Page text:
Primitive farming in al-Ghab Plain due to security reasons

Harvesting wheat in al-Ghab Plain, Hama countryside - 29 May 2018 (Enab Baladi))


Hama countryside –  Eiad Abu al-Joud

Farmers in Hama countryside suffer from a decline in wheat production in the current season compared with previous seasons, amid restrictions on their movements and difficulties they face when growing crops.

Local farmers fault the Syrian regime forces for these difficulties since they control vast agricultural areas in al-Ghab Plain in Hama countryside. Additionally, to the closeness of clashes lines to their lands, held by opposition factions.

Tightening security grip on agricultural lands

In 2019, Syrian regime forces launched a military operation on al-Ghab Plain, which extends from Qalaat Al-Madiq town to the south of al-Qarqor village in the north. The campaign targeted most of agricultural lands in the area. This resulted into a sort of interruption in the agricultural activities after residents were forced to displace to border areas in the northern west of Syria, based on what Anas Tarboush, an agricultural engineer, told Enab Baladi.

This year, despite security risks, some farmers planted wheat crops in al-Ziyarah district villages, in the northern part of al-Ghab Plain.

To cultivate wheat crop, farmers used primitive methods to reduce costs and avoid being exposed and targeted by regime forces. Consequently, this led to slow growth of crops compared to previous seasons and caused a decrease in wheat production in the region, according to the same agricultural engineer.

Primitive Farming

According to Anas Tarboush, farmers in al-Ghab Plain tried to cut short tillage operations conducted in summer farming which relied before on “plowshare” machines to “smooth” and prepare lands before seeding. Farmers resorted to primitive farming to gain time and avoid being targeted by security barriers positioned in the area. Currently, they are using primitive methods to cultivate their land in order to reduce economic burdens as well as accelerate the cultivation process.

During the current season, farmers used insecticides for large farms, which negatively affected wheat production, according to Anas Tarboush.

Meantime, last June, they faced difficulties regarding the high wages of combined harvesters and machinery used to transport crops.

Despite investments.. wheat cultivation is still mediocre

The head of the local council in Zayzun region, Ahmed Naasan, told Enab Baladi, that wheat cultivation has declined drastically compared to previous years due to security conditions and high costs of farming, which was affected by fluctuations of the Syrian pound against the dollar, in addition to hikes in fuel prices.

Local councils in al-Ghab Plain launched agricultural projects to support farmers, such as distributing agricultural baskets, fertilizers, pesticides, and seeds, according to Naasan. However, such support has stopped due to the unstable situation in the region.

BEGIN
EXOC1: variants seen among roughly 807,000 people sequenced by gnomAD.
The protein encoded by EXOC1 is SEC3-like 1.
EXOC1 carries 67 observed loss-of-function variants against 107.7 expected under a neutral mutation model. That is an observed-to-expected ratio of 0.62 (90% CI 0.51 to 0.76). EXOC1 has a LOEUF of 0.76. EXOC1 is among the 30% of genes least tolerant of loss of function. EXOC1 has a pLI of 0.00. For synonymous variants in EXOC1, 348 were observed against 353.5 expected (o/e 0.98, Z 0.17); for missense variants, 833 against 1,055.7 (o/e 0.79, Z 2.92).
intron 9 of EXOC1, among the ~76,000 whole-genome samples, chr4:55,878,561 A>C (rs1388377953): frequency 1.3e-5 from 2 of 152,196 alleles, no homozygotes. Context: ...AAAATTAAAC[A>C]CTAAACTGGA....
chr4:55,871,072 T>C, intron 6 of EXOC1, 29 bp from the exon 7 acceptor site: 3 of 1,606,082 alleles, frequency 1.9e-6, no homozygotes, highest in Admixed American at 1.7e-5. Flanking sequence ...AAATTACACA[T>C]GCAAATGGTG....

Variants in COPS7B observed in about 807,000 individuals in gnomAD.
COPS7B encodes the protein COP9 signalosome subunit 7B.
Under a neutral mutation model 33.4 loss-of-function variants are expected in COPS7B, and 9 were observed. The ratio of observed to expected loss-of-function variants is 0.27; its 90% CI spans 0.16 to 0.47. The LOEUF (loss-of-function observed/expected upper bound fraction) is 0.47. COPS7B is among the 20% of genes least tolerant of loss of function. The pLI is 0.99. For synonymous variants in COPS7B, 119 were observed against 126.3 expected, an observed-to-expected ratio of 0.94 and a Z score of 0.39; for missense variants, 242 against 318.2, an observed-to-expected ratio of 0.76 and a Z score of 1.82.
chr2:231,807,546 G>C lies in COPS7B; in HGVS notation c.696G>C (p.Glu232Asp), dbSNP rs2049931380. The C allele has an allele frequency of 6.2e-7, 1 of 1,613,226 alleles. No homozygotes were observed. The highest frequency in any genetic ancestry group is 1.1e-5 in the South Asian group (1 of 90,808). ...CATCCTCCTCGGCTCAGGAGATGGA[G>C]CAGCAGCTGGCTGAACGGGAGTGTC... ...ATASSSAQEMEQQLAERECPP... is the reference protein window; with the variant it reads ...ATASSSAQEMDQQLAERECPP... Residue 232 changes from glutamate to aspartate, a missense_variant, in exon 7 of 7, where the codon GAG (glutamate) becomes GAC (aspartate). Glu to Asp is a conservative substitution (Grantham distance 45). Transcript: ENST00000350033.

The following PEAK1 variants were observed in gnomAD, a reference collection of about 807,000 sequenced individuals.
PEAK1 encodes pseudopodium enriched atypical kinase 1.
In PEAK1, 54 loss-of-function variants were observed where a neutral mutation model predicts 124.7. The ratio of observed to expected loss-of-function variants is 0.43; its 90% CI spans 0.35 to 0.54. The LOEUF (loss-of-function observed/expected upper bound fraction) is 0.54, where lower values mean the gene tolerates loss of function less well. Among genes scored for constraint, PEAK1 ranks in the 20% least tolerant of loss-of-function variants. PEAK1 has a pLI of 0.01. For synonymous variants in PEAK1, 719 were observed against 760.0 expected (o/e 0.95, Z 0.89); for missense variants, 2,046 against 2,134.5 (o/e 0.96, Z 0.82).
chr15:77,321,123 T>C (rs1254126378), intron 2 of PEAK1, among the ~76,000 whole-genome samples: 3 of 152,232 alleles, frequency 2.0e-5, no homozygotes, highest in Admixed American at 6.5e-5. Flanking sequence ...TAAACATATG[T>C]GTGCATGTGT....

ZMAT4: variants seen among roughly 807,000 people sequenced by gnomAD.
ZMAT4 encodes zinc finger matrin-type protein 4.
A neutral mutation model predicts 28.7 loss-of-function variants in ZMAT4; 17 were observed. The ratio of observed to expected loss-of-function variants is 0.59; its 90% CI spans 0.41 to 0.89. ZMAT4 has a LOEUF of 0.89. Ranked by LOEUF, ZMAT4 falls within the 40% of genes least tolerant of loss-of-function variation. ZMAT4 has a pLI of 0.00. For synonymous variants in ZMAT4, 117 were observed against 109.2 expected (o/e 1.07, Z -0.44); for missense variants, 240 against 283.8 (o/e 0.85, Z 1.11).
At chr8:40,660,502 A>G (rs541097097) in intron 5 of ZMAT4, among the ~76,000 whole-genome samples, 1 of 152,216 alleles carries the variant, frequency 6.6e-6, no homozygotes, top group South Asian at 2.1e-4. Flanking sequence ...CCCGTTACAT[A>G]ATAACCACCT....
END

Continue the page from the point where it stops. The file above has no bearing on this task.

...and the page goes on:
An agricultural plan

The Presidency of the Council of Ministers in the government of the Syrian regime has recently announced an agricultural plan to invest in Syrian regions while focusing on al-Ghab Plain area in Hama countryside for the next stage. The plan aims “to confront the economic sanctions imposed on the Syrian regime and enhance self-reliance”, according to the aforementioned presidency.

Prime Minister, Imad Khamis, who headed the regime’s government delegation to meet with the agricultural institutions in al-Ghab Plain, on June 5, assigned the Director of Hama Agriculture along with other two directors in four governorates to start investing arable lands of ministries and public institutions. He also asked them to set a plan and implement it within the adequate framework in the short, medium and long run.

He asked the Ministry of Agriculture to coordinate with other ministries to lay out a plan to invest all arable lands within their holdings and invest in agricultural lands of public institutions.

However, this plan may not be beneficial for local farmers, amid fears of being busted by regime forces, especially that a large portion of them still displaced.

Until 22 of last May, published data by “Syria Response Coordinators” team have indicated that only 26.63 percent of the total number of IDPs, which exceeded one million, have returned to Hama countryside from Idlib and its rural areas. Meantime, return destinations were limited to Idlib countryside and the western countryside of Aleppo.

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